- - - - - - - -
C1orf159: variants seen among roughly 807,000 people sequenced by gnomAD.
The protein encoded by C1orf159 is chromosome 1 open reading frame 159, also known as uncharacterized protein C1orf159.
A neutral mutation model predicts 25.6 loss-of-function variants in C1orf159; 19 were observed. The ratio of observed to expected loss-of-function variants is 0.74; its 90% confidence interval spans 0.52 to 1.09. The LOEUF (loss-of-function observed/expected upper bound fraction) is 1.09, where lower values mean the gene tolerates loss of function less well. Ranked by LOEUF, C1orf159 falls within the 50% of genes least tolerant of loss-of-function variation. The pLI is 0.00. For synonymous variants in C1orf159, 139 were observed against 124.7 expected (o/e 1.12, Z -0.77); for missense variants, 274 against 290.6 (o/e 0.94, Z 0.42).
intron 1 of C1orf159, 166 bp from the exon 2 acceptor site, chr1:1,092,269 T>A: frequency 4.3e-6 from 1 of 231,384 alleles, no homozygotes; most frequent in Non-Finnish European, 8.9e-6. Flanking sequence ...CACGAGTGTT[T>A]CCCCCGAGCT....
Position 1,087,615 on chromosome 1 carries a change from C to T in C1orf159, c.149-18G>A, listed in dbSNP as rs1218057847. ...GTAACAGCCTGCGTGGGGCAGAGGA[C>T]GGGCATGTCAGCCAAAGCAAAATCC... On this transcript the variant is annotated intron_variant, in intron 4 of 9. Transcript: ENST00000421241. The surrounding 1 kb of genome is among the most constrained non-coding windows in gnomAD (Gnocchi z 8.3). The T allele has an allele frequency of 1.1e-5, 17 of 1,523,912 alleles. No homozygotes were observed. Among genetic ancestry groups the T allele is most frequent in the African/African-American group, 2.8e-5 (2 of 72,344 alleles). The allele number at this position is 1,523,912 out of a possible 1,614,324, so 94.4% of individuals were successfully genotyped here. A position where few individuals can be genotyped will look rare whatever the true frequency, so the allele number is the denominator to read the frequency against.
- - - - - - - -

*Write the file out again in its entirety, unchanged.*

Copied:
C1orf159: variants seen among roughly 807,000 people sequenced by gnomAD.
The protein encoded by C1orf159 is chromosome 1 open reading frame 159, also known as uncharacterized protein C1orf159.
A neutral mutation model predicts 25.6 loss-of-function variants in C1orf159; 19 were observed. The ratio of observed to expected loss-of-function variants is 0.74; its 90% confidence interval spans 0.52 to 1.09. The LOEUF (loss-of-function observed/expected upper bound fraction) is 1.09, where lower values mean the gene tolerates loss of function less well. Ranked by LOEUF, C1orf159 falls within the 50% of genes least tolerant of loss-of-function variation. The pLI is 0.00. For synonymous variants in C1orf159, 139 were observed against 124.7 expected (o/e 1.12, Z -0.77); for missense variants, 274 against 290.6 (o/e 0.94, Z 0.42).
intron 1 of C1orf159, 166 bp from the exon 2 acceptor site, chr1:1,092,269 T>A: frequency 4.3e-6 from 1 of 231,384 alleles, no homozygotes; most frequent in Non-Finnish European, 8.9e-6. Flanking sequence ...CACGAGTGTT[T>A]CCCCCGAGCT....
Position 1,087,615 on chromosome 1 carries a change from C to T in C1orf159, c.149-18G>A, listed in dbSNP as rs1218057847. ...GTAACAGCCTGCGTGGGGCAGAGGA[C>T]GGGCATGTCAGCCAAAGCAAAATCC... On this transcript the variant is annotated intron_variant, in intron 4 of 9. Transcript: ENST00000421241. The surrounding 1 kb of genome is among the most constrained non-coding windows in gnomAD (Gnocchi z 8.3). The T allele has an allele frequency of 1.1e-5, 17 of 1,523,912 alleles. No homozygotes were observed. Among genetic ancestry groups the T allele is most frequent in the African/African-American group, 2.8e-5 (2 of 72,344 alleles). The allele number at this position is 1,523,912 out of a possible 1,614,324, so 94.4% of individuals were successfully genotyped here. A position where few individuals can be genotyped will look rare whatever the true frequency, so the allele number is the denominator to read the frequency against.